avoid becoming overwhelmed; be flexible and fluid, and don't strive for
perfection or try to make this the most elaborate holiday you've ever had;
lighten up, and ease up; don't fear "the meal," and consider a potluck or
dinner at a restaurant; go cyber, and do your shopping online; get out for a
fun out- ing or weekend getaway; break with tradition or create new
traditions that aren't quite as demanding of your time and energy; be a
little selfish, and spend some time with your- self; ask for help, and accept
it graciously when it is offered.
STUDY EYES ENVIRONMENTAL FACTORS IN AUTISM
University of California,
Davis, researchers are launching the first major study of genetic and
environmental factors in autism. The epidemiological study of up to 2,000
California children ages 2 to 5 also will look at how heredity and
envir- onment affect mental retardation and developmental delay in
children. Recruitment will continue over the next three years to
incorporate newly diagnosed children. The study is one of three projects
within the UC Davis Center for Children's Envi- ronmental Health and Disease
Prevention, created last fall with grants from the National Institute of
Environmental Health Sciences, the U.S. Environmental Protection Agency and
the M.I.N.D. Institute at UC Davis. The center is the first to look at
severe impairments of social behavior related to genetic and environmental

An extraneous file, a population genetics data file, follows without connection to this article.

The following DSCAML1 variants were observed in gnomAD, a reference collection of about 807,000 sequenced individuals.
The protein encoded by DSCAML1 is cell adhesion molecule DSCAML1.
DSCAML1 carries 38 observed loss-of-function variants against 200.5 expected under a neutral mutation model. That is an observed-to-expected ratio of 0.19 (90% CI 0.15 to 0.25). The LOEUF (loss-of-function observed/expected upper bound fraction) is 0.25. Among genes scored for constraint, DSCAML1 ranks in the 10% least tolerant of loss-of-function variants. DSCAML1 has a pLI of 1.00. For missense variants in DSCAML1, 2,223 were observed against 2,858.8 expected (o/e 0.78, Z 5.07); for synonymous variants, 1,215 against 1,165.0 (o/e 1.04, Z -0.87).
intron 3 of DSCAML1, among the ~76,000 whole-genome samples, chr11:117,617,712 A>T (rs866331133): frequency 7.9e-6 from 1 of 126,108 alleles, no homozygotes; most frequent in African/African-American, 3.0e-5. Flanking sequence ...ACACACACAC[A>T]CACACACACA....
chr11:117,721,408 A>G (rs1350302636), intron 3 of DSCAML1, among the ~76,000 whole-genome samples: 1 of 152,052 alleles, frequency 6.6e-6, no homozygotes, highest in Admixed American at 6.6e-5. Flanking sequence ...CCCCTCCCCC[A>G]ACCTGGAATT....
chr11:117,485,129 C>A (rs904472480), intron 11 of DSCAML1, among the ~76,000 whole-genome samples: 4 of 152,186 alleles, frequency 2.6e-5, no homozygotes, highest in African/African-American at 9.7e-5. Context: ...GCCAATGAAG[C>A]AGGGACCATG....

factors. "Most importantly, our researchers will be tackling how genes
and environmental factors interact," said Isaac Pessah, the center
director and professor of molecular biosciences at UC Davis School of
Veterinary Medicine. "It's clear that genes play a role in autism and
developmental delay, but evidence suggests that the environment is also an
important factor," said Irva Hertz-Picciotto, professor of epidemiology and
preventive medicine at UC Davis School of Medicine and Med- ical Center.
"By studying a large number of children with different types of development,
we expect to gain a better understanding of the multiple ways autism and
other develop- mental delays may
With "Chicago" coming on the
heels of her own "Moulin Rouge," Nicole Kidman figures the movie musical is
back for good. Kidman, who earned an Academy Award nomination for last
year's musical "Moulin Rouge," recently caught a screening of the
zestful film adaptation of the stage hit "Chicago" and came away
convinced that the long-neglected genre has a good future.
"I think it's